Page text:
In 2015 the world will move into the “post MDG” era, with a new development agenda. Deliberations and preparations for this are already well underway, and for those of us working for the wellbeing of children, it is crucial that this new agenda can fulfil the rights that children have – faster and more evenly.
One of the potential frameworks to achieving just this, is that of social accountability – when citizens and civil society organisations hold governments accountable for the commitments they have made to realising the rights of their citizens, and improving their lives.
But is social accountability just another jargon phrase used by those working in development – or does it present a real opportunity to advance child rights?
In an attempt to answer this question, last month UNICEF organised a workshop on “Child Rights and Social Accountability in the Post-2015 World”. It saw an eclectic group of people come together to learn from experience and to help understand different views on the connection between children, rights, development outcomes and social accountability. It also helped to clear up some myths around what social accountability initiatives can deliver – and potentially they can’t.
So, do social accountability Initiatives…
… help to accelerate results for children? Social Accountability initiatives seem to work well for improving the quality of services. If used in the frame of participatory advocacy efforts, they can also help to expand service delivery and improve government policy, including national and municipal budget allocations. However, there seems to be so far less evidence for the latter. Working from a rights-based perspective, this way of questioning is however, not very helpful; the better question is: do social accountability initiatives…
… help to realise rights? Involving children and youth social accountability efforts such as assessing, monitoring and reporting on the quality of services by using scorecards or engaging them in participatory budgeting does not only help to improve the quality of government services for children and potentially can expand them, it does also realise children’s civil rights. These include the rights of freedom of expression, gathering, dissemination and access to information, or the right to organise. It’s essential that social accountability initiatives with children are ethical and take adequate consideration of children’s protection. And directly related: it is essential to ensure better protection of children’s civil rights under national legal frameworks if we want to ensure enabling conditions for child sensitive social accountability.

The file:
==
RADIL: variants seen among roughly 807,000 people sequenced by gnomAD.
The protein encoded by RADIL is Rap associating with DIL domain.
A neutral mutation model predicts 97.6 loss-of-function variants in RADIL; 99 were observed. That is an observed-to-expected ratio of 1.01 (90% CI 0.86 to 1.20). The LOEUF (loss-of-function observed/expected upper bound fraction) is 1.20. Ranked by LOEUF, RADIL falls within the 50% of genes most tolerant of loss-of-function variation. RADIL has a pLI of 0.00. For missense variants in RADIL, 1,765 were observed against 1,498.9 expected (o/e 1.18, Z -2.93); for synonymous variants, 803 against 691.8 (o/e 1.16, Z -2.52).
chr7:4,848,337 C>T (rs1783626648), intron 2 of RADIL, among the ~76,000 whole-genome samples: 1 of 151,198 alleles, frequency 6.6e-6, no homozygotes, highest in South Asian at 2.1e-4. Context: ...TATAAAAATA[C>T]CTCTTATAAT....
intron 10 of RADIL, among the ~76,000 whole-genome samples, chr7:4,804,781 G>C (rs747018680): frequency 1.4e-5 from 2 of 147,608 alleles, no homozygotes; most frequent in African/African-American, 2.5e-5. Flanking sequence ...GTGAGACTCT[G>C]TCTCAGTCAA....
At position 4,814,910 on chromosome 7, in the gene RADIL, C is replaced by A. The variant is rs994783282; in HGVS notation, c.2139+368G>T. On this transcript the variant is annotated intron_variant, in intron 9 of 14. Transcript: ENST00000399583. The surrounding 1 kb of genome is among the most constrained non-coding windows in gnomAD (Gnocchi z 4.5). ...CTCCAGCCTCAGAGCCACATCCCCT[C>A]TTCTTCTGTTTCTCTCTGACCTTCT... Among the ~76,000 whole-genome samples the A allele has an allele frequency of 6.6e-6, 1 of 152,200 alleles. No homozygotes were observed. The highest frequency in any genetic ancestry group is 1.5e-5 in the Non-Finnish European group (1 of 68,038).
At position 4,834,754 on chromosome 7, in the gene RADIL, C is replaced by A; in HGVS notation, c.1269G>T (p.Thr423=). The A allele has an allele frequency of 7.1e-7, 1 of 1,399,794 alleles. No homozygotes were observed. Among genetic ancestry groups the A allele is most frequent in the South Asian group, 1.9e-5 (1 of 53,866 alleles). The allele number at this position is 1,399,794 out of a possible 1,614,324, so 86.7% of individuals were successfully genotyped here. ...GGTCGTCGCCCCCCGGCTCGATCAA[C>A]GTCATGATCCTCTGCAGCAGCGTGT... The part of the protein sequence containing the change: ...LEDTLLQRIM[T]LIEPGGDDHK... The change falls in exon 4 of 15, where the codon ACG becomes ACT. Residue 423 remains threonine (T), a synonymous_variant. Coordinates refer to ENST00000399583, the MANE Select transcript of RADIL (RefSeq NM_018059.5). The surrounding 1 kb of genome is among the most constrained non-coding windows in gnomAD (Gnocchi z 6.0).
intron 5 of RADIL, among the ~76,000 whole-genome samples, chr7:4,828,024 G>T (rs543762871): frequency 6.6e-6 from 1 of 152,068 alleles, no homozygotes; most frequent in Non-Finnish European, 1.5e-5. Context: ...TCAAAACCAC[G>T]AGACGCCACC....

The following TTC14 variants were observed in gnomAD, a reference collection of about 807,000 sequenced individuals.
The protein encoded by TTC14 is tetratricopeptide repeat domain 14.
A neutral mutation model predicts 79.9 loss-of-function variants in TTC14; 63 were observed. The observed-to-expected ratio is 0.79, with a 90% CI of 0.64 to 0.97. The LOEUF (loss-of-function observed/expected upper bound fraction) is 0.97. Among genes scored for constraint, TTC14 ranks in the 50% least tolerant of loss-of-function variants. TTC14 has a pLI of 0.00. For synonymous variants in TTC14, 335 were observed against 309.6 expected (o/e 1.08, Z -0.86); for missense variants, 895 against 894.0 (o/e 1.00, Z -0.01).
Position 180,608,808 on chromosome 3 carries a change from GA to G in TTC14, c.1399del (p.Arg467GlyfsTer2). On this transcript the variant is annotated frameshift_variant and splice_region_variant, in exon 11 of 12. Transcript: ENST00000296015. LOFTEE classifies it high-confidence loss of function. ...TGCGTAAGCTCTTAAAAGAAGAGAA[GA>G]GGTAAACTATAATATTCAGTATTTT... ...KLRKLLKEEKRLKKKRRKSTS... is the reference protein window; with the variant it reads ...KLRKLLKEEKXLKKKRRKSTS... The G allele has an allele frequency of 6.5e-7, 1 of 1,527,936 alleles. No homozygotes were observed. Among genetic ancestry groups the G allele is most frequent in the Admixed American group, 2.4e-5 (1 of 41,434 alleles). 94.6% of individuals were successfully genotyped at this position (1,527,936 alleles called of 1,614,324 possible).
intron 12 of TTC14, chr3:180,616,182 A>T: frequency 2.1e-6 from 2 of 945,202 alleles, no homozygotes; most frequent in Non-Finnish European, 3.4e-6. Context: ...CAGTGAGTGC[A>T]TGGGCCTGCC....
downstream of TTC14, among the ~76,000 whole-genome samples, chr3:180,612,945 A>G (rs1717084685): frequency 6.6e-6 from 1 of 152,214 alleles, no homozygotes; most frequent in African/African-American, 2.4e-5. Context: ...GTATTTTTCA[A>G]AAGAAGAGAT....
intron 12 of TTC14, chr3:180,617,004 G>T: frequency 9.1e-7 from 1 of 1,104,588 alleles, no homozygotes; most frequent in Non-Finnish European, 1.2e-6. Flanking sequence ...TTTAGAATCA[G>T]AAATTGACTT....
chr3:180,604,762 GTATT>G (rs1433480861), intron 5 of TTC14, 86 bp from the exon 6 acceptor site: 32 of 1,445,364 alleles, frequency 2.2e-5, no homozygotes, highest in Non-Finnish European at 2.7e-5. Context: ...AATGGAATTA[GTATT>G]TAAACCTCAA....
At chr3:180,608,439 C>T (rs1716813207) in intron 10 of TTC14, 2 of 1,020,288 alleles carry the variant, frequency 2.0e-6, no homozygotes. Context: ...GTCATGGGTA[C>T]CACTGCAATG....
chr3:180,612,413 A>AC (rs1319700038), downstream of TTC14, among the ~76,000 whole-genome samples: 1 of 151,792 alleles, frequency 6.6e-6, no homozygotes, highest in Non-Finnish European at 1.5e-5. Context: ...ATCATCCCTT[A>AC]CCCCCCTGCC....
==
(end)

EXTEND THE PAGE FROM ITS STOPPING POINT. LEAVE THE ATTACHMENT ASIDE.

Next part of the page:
… create greater equity in service delivery? Not necessarily. Unless groups of particularly marginalised people are actively supported to make use of and are being associated to social accountability initiatives, it is unlikely that their rights and needs are taken into account. This requires that public officials and civil society understand the importance of – and the obstacles to – the participation of marginalised groups, including that of children (including children who are marginalised – children are not a homogenous group).
…and, are social accountability Initiatives…
… purely “social”? Social accountability efforts are powerful tools designed and driven by citizens and their organizations. Social media has taken these tools into another dimension and amplified their force. INGOs can integrate social accountability tools into their work and equip civil society groups (particularly those made up of marginalised people) with the skills to use them. At the same time, Plan’s own work experience on child sensitive social accountability has shown that working both with civil society groups as well as with government institutions can significantly accelerate the improvement and offer of government services. Developing the capacity of government officials to listen to children, and supporting government institutions to create spaces for receiving citizen feedback or to improve information for citizens is thus another crucial area of work that should not be neglected.
…scalable from local to global? Not sure. Social accountability initiatives are often highly locally contextualised. It’s not evident that they are readily replicable and scalable. What works in one community, might not work in another or only with great difficulty be connectable to the national level. For sure, more thinking on this will have to be done. Good that the workshop resulted in the establishment of a community of practice for child sensitive social accountability.
Stefanie Conrad is Plan’s Global Advisor for Citizenship & Governance. She has more than 20 years of experience working on child rights, child participation & empowerment and rights based programming. Stefanie is based in Niger.
UNICEF, in collaboration with the UK National Committee for UNICEF, convened a two-day workshop in London on 3-4 March 2014, bringing together social accountability researchers, practitioners and child rights experts to discuss how civil society engagement can help accelerate results for children by holding governments accountable. UNICEF Nepal’s effort to advance social accountability with and for children was one of the initiatives profiled at the meeting.